If you are considering buying a guinea pig for a companion, there are several types of guinea pigs from which to choose. First of all, there are thirteen different breeds of guinea pigs, and each of these looks different and has variations in build and hair or fur type. There are also many different colors of guinea pigs to choose from and many of the breeds come in several different color variations.
Before you actually purchase a guinea pig, be sure to really think about what you want. Do you want a guinea pig for a pet for you or someone in your family? Or maybe, you already have a guinea pig and you want to add another. Or, you have decided you really think showing guinea pigs would be fun.
Also Read: A Complete Guide to Guinea Pig Breeds
If you want a guinea pig for a pet for you or someone else, you can buy one at a pet store, from a breeder, or you can adopt one from an animal shelter or guinea pig rescue organization. You will want to look at the types of guinea pigs, and choose one that you think is cute, has a normal fur coat, and is very friendly from the beginning. Many times when you buy a guinea pig from a pet store, they are quite shy and afraid because commercial guinea pig operations do not have people who handle the animals very often.
Also, make sure you examine him to make certain he is healthy–no unusual discharges from eyes, nose, mouth, ears or anal area. Plus, the guinea pig should have bright eyes, and nice looking fur with no flaking, fleas or mites. Most of the guinea pigs that are brought to shelters or rescue organizations are American guinea pigs, which doesn’t mean necessarily they are U.S. citizens, only that the most common breed of guinea pig is named American. In England, the most basic of the types of guinea pigs is called the English cavy.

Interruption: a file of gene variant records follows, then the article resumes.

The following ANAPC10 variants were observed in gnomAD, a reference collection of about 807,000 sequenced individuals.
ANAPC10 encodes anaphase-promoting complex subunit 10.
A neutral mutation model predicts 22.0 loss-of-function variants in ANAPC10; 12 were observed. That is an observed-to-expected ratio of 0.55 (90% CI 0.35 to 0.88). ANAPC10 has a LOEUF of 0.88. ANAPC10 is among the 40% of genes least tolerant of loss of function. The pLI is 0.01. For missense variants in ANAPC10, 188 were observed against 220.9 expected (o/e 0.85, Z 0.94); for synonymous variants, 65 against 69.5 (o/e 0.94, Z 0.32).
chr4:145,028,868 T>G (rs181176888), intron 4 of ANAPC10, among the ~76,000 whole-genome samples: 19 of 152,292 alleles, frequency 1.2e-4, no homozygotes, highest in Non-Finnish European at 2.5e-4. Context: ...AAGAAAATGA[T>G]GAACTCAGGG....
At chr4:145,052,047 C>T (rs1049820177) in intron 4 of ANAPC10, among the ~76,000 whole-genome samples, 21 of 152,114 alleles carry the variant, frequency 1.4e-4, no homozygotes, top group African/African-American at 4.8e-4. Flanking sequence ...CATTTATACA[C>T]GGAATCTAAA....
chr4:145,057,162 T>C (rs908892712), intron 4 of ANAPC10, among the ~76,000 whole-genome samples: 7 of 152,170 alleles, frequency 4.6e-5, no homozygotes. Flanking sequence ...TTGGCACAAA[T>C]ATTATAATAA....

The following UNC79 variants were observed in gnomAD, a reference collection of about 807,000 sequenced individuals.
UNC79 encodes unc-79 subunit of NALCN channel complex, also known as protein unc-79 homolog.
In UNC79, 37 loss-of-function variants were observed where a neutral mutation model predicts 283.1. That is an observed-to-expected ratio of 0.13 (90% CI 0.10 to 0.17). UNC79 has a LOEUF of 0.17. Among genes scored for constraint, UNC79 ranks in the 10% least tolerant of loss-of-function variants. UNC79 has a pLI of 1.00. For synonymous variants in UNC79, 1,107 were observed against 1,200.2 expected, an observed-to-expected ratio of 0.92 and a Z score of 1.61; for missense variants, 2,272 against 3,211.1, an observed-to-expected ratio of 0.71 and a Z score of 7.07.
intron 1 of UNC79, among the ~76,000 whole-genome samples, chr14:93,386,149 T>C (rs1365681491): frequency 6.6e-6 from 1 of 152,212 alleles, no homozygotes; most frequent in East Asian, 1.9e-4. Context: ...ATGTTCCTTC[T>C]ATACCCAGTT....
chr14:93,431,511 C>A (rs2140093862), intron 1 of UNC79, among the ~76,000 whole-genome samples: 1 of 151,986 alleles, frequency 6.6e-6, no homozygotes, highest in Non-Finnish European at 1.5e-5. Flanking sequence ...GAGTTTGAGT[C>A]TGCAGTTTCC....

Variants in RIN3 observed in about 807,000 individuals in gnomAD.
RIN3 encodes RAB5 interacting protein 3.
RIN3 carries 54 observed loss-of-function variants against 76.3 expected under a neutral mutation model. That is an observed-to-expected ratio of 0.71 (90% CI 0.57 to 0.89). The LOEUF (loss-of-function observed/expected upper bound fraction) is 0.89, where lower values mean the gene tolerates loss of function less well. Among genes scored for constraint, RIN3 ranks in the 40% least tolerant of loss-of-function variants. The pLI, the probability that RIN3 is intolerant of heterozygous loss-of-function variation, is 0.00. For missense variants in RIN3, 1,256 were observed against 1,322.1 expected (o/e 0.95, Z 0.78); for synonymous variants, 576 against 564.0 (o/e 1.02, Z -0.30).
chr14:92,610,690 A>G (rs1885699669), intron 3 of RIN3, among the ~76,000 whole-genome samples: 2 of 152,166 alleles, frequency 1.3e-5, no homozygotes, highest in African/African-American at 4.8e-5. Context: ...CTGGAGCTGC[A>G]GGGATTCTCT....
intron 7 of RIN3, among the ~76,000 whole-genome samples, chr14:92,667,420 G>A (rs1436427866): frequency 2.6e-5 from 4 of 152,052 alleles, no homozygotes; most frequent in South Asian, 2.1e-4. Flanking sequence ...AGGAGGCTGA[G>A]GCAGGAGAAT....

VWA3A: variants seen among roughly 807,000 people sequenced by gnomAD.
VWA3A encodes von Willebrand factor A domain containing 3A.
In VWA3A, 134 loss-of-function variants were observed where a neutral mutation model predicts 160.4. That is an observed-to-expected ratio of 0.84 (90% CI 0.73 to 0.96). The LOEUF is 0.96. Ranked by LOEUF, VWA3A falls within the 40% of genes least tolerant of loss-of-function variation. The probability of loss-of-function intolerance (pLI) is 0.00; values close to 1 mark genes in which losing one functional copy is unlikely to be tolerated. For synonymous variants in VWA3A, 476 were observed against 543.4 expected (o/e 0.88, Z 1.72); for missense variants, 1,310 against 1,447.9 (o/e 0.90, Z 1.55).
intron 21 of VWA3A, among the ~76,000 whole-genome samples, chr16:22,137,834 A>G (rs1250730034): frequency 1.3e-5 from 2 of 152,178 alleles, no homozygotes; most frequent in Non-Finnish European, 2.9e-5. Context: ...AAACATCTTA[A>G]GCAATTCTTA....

Other breeds of guinea pigs include: American Satin, Abyssinian, Abyssinian Satin, Coronet, Peruvian, Peruvian Satin, Silkie, Silkie Satin, Teddy, Teddy Satin, Texel, and White Crested. Many of these, such as the Peruvian, Silkie, Coronet, Teddy and Texel are types of guinea pigs with extremely long hair. Most of these are only raised by private breeders and used as show animals. Their coats are very hard to care for so they are not the best choice for the average pet owner looking for companionship.
Almost all of the breeds of guinea pigs come in different colors. And, with guinea pigs, the colors or color patterns also have names. Here are some to take a look at before selecting your guinea pig: Self means the guinea pig has a coat of a solid color; A Himalayan has a black nose, ears and feet and a white body; Dutch has tan and/or brown markings on a white body; Tortoise Shell is a guinea pig with patches of light and dark brown colors; Agouti means he can be cinnamon, silver or gold, but each hair has the bottom and tip of one color and the middle of a different color.
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A Tortoise Shell and White guinea pig is the same as the Tortoise Shell—light and dark brown patches, but with the addition of white; Dalmatian, like the dog, is white with black spots; Albino is white with pink eyes; Roan means there are dark hairs but they are equally mixed with white; Brindle is light and dark combinations of tan; and Mixed can be any combination of all of these colors.